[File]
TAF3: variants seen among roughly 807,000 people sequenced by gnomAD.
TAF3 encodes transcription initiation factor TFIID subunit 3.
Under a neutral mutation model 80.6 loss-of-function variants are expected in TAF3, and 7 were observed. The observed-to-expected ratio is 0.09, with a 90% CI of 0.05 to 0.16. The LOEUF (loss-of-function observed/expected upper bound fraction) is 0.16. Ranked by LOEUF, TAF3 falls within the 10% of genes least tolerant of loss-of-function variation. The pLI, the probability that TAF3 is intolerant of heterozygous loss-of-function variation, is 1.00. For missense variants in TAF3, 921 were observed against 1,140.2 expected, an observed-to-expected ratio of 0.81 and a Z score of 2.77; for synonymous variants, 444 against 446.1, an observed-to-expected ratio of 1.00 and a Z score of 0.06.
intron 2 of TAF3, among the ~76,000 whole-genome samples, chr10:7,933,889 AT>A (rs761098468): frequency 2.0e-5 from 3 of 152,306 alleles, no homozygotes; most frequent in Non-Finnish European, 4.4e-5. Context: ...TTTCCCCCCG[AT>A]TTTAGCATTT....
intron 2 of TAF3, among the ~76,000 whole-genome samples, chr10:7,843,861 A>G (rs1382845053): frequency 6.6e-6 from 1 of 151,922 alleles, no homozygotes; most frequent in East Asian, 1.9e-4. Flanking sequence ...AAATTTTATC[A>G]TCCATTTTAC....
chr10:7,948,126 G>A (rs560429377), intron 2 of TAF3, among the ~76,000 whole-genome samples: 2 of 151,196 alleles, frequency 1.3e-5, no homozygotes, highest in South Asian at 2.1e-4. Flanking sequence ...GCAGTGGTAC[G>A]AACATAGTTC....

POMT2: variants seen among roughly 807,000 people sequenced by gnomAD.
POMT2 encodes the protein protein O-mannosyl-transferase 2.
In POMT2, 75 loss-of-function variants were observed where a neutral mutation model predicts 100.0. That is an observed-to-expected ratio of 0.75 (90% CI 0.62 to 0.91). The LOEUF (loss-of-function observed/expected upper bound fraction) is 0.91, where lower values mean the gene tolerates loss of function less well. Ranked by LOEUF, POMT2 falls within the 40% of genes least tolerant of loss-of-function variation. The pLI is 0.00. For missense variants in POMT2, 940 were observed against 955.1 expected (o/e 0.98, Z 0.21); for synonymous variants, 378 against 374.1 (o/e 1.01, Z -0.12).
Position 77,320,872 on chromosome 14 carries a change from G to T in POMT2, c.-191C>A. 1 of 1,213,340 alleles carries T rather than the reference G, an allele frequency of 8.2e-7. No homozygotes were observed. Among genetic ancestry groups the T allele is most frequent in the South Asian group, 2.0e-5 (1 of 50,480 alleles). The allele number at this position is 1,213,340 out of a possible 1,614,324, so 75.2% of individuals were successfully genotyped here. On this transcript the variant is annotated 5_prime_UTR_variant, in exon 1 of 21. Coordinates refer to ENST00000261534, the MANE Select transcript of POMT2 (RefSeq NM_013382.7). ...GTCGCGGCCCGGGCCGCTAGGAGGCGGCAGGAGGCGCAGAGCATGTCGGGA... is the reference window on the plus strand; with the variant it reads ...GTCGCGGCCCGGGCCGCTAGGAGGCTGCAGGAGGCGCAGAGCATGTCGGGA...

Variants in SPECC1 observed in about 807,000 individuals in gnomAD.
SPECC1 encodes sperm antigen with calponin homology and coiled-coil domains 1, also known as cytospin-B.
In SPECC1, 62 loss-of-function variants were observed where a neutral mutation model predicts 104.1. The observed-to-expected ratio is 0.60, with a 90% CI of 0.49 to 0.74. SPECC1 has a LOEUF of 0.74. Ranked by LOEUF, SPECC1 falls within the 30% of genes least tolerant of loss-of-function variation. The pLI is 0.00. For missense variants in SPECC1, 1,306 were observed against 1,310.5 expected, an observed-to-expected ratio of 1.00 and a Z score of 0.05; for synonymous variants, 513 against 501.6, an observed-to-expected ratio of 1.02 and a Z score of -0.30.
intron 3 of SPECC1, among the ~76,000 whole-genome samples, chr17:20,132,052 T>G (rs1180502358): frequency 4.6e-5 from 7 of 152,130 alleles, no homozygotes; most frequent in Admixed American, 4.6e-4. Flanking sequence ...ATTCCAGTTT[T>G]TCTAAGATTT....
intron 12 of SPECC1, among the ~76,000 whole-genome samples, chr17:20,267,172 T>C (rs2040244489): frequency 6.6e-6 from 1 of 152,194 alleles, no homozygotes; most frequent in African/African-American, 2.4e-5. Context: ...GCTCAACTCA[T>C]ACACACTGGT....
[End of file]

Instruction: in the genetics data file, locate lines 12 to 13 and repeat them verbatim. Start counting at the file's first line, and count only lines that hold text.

SPECC1 encodes sperm antigen with calponin homology and coiled-coil domains 1, also known as cytospin-B.
In SPECC1, 62 loss-of-function variants were observed where a neutral mutation model predicts 104.1. The observed-to-expected ratio is 0.60, with a 90% CI of 0.49 to 0.74. SPECC1 has a LOEUF of 0.74. Ranked by LOEUF, SPECC1 falls within the 30% of genes least tolerant of loss-of-function variation. The pLI is 0.00. For missense variants in SPECC1, 1,306 were observed against 1,310.5 expected, an observed-to-expected ratio of 1.00 and a Z score of 0.05; for synonymous variants, 513 against 501.6, an observed-to-expected ratio of 1.02 and a Z score of -0.30.